After an unexpected breakup, a devastated young musician travels to Hawaii in order to sort things out in the comedic journey “Forgetting Sarah Marshall.”
Peter Bretter (Jason Segel) is in the unique position to not only be dating a television star Sarah Marshall (Kristen Bell) but also display his musical talents as the score writer for her popular crime show. Segel is best remembered for his work on the cult fave “Freaks and Geeks” but also as one of Judd Apatow’s stable of onscreen guy’s guy slackers in “Knocked Up.” He now steps into the spotlight where we immediately learn two things: he’s charmingly funny, and he has absolutely no problem with nudity.
After Sarah informs him that there is someone else and dumps him, his stepbrother (“Saturday Night Live’s” Bill Hader) pushes him to take a break, and Peter heads off for Hawaii. Once again, two pieces of knowledge are acquired, only this time by Peter. The first piece of info is that the hotel customer service rep Rachel (“That ’70s Show’s” Mila Kunis) is an attractive young lady that actually possesses compassion, and that his ex Sarah is staying at the same hotel with her new beau, the pop icon Aldous Snow (Russell Brand). To get the gist of Snow, think a talentless, brainless Mick Jagger. That will get you into at least the ballpark’s outfield.
Peter is forced to work his way through his issues and come out of his shell. A small romantic thing with Rachel begins to develop, and Peter finds himself recharged and renewed. After a series of events place he and Rachel in the company of Sarah and her new man, Peter learns that perhaps he has been missing something in life. Ironically, around this time Sarah begins to question her decisions as well. Faced with a burgeoning romance and new inspiration, Peter must decide to move forward if he can ever forget Sarah Marshall.
Once again, Apatow has managed to sneak in under the guise of adult-tinged comedy and surprise us with a truly well-rounded flick. “Sarah Marshall” is a wonderfully warm, totally goofball comedy full of outlandish moments and familiar faces that will satisfy even the most persnickety of viewers.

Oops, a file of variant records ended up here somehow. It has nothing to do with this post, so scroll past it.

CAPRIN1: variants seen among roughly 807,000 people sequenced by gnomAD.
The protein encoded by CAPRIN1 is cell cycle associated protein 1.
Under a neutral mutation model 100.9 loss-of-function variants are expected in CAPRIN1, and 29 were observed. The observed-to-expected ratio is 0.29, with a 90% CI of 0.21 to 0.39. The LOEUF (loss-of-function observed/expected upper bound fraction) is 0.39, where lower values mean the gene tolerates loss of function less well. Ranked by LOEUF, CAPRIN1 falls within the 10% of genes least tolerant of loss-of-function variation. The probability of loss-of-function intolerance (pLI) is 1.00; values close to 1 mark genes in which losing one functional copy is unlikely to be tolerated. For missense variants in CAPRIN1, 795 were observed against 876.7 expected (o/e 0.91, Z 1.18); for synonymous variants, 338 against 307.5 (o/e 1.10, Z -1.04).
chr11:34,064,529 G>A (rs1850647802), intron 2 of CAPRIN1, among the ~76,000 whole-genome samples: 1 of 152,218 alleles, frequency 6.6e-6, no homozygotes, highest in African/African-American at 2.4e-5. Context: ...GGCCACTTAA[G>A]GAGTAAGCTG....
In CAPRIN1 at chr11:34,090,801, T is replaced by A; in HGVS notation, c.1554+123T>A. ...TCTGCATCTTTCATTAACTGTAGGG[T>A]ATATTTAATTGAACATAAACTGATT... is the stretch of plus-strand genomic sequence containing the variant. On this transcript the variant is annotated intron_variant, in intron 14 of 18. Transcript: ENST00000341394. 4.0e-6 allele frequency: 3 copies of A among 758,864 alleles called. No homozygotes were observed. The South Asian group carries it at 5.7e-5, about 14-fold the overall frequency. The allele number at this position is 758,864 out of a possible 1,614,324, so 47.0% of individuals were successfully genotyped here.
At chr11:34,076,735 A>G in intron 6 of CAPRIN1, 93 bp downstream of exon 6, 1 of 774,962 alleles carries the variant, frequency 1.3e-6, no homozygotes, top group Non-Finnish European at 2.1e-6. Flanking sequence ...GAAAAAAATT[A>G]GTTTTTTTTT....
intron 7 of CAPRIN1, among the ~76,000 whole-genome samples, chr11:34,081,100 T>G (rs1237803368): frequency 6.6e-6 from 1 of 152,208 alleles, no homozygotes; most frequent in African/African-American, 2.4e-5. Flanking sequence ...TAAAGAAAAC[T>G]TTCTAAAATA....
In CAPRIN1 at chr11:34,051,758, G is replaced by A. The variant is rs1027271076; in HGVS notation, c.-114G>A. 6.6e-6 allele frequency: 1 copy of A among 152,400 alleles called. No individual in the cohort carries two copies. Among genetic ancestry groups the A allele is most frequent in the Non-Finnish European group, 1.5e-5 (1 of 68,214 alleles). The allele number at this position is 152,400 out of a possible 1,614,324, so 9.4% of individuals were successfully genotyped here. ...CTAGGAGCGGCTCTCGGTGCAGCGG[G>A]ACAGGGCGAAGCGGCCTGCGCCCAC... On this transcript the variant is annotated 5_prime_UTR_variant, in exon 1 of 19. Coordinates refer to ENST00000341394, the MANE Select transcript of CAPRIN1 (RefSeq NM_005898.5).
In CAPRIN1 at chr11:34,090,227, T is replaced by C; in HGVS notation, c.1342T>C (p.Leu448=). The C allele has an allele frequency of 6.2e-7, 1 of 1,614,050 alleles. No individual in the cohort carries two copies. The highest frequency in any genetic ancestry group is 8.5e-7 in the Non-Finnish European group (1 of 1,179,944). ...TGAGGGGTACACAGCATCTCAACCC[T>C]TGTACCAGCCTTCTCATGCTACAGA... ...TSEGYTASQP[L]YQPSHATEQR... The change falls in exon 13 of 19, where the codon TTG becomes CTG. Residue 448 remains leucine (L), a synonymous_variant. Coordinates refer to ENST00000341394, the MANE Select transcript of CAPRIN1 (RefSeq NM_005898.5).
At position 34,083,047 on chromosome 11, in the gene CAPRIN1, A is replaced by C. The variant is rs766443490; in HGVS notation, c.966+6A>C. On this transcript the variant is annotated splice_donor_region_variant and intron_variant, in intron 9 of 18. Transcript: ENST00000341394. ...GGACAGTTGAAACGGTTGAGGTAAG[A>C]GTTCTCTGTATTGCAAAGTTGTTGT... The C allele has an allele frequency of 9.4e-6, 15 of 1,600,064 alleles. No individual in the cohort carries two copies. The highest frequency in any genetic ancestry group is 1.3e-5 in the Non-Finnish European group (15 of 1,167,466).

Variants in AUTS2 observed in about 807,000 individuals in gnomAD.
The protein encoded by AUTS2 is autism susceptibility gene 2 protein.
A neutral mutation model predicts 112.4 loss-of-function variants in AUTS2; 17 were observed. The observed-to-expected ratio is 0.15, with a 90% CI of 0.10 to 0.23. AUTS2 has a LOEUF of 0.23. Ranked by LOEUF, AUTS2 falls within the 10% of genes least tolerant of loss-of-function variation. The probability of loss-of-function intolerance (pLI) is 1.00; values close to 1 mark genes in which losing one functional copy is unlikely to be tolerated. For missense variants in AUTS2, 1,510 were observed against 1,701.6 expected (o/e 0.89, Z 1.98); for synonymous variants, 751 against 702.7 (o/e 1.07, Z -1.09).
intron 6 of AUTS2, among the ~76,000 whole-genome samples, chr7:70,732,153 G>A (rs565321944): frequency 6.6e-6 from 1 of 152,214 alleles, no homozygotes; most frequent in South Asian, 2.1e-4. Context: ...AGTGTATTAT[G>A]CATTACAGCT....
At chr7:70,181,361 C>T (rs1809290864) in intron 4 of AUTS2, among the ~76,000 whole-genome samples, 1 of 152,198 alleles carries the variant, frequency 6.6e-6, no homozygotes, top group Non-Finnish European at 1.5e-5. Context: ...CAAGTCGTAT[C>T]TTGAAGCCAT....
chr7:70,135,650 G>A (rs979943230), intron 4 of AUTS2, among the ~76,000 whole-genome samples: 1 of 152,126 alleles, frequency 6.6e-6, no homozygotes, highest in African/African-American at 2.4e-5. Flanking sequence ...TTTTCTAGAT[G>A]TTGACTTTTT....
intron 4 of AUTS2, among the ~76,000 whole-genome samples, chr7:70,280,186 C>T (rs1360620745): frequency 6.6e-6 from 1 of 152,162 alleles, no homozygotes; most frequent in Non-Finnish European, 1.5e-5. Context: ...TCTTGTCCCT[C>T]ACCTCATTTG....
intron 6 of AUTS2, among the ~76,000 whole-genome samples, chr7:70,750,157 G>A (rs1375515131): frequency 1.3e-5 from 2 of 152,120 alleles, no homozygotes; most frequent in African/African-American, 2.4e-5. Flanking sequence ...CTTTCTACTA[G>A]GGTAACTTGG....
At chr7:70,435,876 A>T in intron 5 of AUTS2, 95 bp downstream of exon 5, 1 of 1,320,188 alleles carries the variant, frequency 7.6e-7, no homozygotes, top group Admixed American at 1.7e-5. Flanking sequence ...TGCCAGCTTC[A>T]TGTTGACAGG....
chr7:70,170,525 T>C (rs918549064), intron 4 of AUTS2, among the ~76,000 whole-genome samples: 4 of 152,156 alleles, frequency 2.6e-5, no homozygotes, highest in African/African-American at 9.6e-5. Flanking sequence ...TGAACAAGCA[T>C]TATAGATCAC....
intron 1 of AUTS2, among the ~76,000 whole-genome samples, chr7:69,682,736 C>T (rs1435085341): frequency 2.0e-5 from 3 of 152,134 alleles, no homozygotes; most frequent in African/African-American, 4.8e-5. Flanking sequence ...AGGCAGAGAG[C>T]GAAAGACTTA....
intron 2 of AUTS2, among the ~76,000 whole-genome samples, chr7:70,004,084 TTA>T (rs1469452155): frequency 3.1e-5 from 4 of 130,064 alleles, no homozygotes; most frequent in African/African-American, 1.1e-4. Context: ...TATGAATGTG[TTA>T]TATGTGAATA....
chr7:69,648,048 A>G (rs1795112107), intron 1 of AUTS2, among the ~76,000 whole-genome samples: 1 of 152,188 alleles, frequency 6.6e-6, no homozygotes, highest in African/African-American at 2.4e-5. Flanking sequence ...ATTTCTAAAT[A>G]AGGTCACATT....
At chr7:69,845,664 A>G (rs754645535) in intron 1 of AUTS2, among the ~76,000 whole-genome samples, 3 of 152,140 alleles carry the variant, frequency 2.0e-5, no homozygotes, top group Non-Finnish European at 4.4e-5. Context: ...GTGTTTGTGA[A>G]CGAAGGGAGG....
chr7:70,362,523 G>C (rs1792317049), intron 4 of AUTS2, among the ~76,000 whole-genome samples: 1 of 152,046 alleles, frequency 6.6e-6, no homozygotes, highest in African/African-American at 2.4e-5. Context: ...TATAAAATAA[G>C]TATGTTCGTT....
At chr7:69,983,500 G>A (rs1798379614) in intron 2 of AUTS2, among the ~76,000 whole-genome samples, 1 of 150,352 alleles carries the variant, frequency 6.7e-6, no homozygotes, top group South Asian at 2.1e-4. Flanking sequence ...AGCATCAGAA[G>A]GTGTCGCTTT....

As with all of Apatow’s works — “Freaks and Geeks” all the way to “Drillbit Taylor” — it is the complete ensemble more than any one individual that drives the finished product. We see a slice of real life in all its quirky glory through the eyes of the lead, and it is in that quirky glory that the gems reside. “Superbad’s” Jonah Hill and his waiter with and uncomfortable man crush and matching personality, Paul Rudd’s completely burnt surf instructor Chuck, “30 Rock’s” neurotic hick intern Kenneth’s (Jack McBrayer) sexually frightened young Christian newly wed and of course the mountain of man and personality Davon McDonald and his gruff bartender with a tender side.
“Forgetting Sarah Marshall” is sweet, it is poignant, it is fall-down funny and it is just lewd enough to make you remember that you are an adult and not part of a Disney world but also not watching a straight-to-DVD “American Pie” release. No one, other than perhaps Simon Pegg (“Shaun of the Dead”) has captured the comedic side of the human element with such insight since perhaps John Hughes with his stable of classics (“Uncle Buck,” “16 Candles,” “Ferris Bueller’s Day Off”), and Apatow should be lauded for his vision.